As we approach World Refugee Day (June 20), a Trinity Western University sociologist is part of a nationwide team wrapping up two years of research intended to report on and raise awareness for refugee assistance opportunities available to Canadian churches and congregants.
Michael Wilkinson, a sociology professor at Trinity Western University and director of the TWU-based Religion in Canada Institute, spoke with me about the recently-completed project, entitled The Role of Churches in Immigrant Settlement and Integration.
He said the project involved a national research partnership “intended to better equip church groups across Canada to help immigrants and refugees settle and integrate into Canadian society.”
One benefit to local churches is the project’s ‘Guide to Action’: Finding Our Way: Immigrants, Refugees and Canadian Churches. Following is the introduction:
By picking up this Guide to Action, you are joining an energizing and momentous Canada-wide project as it moves from research to mobilization. The project name – The Role of Churches in Immigrant Settlement and Integration – points toward the roles that churches currently have, as well as the roles that churches will take on in the future. You can be part of this project!
In the first year of the project, we conducted one-on-one interviews, held focus groups, distributed surveys and compiled case studies about how Canadian churches currently are working with recent immigrants and refugees.
We spoke with local and national church leaders and church members, both immigrant and Canadian-born. We heard what they were saying about what lies at the heart of church ministry with newcomers to Canada. Their ideas informed the writing of this Guide, and their direct voices are captured in the quotations throughout.
Overall, the first year revealed contrasting themes, including celebration (e.g. we are well-involved . . . we are more aware of the needs of others), lament (e.g. we are not doing enough . . . we do not seem willing to change based on our relationships with immigrants and refugees) and readiness (e.g. we are ready to retrain our leaders . . . we want to learn from other churches).
The Guide considers several ‘Wayfaring Actions.’ Some are as simple as visiting another church or community agency; others – such as sponsoring a refugee family – require more commitment.
The whole project was funded by a $200,000 grant from the Social Sciences and Humanities Research Council of Canada (SSHRC), and was led by the Centre for Community Based Research (CCBR), an interdenominational group with “founding partners representing academics, denominational leaders and interdenominational networks.”
Wilkinson, who headed up the project’s Vancouver site, identified the researchers and their partnership affiliations. They include:
- Rich Janzen of the Centre for Community Based Research (CCBR) in Kitchener, Ontario.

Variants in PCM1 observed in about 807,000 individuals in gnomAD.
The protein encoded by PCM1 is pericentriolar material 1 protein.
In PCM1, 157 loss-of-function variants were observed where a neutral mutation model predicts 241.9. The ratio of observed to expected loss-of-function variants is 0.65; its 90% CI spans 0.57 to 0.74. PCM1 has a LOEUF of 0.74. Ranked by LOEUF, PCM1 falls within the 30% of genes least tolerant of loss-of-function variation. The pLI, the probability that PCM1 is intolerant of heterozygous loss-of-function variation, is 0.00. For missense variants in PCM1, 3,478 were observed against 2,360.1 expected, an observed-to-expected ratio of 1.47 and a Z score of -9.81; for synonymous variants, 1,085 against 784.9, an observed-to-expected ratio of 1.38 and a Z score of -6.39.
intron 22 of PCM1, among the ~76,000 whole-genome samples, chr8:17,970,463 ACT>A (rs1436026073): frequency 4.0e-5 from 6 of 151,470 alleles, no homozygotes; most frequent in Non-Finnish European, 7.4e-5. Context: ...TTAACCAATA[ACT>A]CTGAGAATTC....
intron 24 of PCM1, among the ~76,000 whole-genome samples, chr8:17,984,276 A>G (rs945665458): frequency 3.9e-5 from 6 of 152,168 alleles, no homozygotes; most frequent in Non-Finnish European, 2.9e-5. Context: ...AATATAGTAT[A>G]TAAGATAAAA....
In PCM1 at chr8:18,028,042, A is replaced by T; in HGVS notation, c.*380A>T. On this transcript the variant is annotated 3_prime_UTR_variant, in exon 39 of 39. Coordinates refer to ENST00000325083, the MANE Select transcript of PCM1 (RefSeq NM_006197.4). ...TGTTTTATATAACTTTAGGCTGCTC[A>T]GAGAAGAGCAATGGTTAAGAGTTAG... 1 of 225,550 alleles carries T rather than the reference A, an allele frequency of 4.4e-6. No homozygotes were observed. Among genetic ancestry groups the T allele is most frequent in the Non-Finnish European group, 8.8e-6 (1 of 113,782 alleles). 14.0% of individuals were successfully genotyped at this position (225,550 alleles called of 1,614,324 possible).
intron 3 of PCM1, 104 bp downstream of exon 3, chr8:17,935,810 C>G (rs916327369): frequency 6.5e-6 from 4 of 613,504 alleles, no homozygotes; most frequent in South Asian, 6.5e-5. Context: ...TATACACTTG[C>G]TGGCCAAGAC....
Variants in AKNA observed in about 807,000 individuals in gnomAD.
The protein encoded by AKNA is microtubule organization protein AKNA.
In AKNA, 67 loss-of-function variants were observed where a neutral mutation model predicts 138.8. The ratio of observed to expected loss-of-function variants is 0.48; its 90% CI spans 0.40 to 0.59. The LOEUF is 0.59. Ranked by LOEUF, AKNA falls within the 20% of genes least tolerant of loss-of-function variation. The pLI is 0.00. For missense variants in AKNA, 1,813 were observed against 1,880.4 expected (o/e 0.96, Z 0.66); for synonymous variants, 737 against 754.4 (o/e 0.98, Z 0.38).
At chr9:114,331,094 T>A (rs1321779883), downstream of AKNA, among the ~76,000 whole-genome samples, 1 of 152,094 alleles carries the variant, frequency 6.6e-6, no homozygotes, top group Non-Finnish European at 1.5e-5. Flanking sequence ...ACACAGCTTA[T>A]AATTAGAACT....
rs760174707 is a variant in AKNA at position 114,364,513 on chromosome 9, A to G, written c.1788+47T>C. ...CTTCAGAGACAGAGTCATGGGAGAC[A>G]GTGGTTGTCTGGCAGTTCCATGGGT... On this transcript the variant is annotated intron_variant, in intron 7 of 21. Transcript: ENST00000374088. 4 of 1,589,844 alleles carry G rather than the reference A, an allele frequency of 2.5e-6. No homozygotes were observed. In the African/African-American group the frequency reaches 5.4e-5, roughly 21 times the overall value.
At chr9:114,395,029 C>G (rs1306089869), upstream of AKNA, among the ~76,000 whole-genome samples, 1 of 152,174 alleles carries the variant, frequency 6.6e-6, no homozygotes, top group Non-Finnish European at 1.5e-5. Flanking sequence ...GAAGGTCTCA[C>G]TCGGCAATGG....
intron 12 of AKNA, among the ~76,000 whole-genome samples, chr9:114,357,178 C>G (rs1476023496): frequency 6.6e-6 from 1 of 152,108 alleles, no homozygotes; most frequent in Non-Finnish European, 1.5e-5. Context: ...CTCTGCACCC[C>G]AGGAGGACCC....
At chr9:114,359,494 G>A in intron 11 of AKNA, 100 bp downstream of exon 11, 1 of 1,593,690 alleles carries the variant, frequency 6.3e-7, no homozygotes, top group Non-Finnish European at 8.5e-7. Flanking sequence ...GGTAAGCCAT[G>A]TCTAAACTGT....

- Kyla English (CCBR)
- Joanna Ochocka (CCBR)
- James Watson (The Salvation Army, Toronto)
- Mark Chapman (Tyndale University College & Seminary, Toronto)
- Sam Reimer (Crandall University, Moncton)
- Michael Wilkinson (Trinity Western University, Vancouver)
- Glenn Smith (Direction Chrétienne, Montréal)
- Rick Hiemstra (The Evangelical Fellowship of Canada, Ottawa)
- Lorne Hunter (Outreach Canada, Vancouver)
- Peter Noteboom (The Canadian Council of Churches, Toronto)
- Stephen Kabetu (Christian Reformed Church, Burlington)
The team was drawn from many disciplines. Wilkinson and Sam Reimer of Crandall University in New Brunswick were the only sociologists. (Crandall, a Baptist institution, is emerging as an east coast equivalent of sorts to Trinity Western, often regarded as Canada’s premier evangelical-based university.)
As leader of the Vancouver site, Wilkinson worked with a team that included Jennifer Adkins and Alida Oegama, also of Trinity Western. (The project sites were based in Vancouver, Toronto, Montreal, Halifax, Moncton and Shediac.)
He said the site task was to report on what churches are doing in the areas of refugee settlement and immigration. “Through face-to-face interviews and focus groups, we brought together people who were, for example, working with refugees or doing English as Second Language programs. . . . who is doing what and what is going on, not just in evangelical churches but in Catholic and mainstream Protestant settings as well.”
Another part of the study, done on a national level, surveyed what denominations are doing with respect to refugee work. Wilkinson said it was important to listen both to denominational leaders and people involved in those same denominations’ ethnic or immigrant-based congregations.
Some findings highlighted that evangelicals brought a good deal of energy to the issue, although mainline Protestants had been involved with immigration and refugees for a longer period. But mainline Christians, Wilkinson noted, are often part of “aging religious communities with declining volunteer bases.” Evangelicals are fortunate in that some of their base involves immigrants who understand the issues and bring energy to the solutions.
“Evangelicals [are often] younger people with energy and resources but without the same experience. There is a steep learning curve,” he added, indicating that evangelicals are wise to keep in contact with mainline Christians on these issues.
World Refugee Sunday is celebrated on both June 14 and 21 – that is, on either side of World Refugee Day (June 20). The Refugee Highway Partnership has provided resources to help observe the day.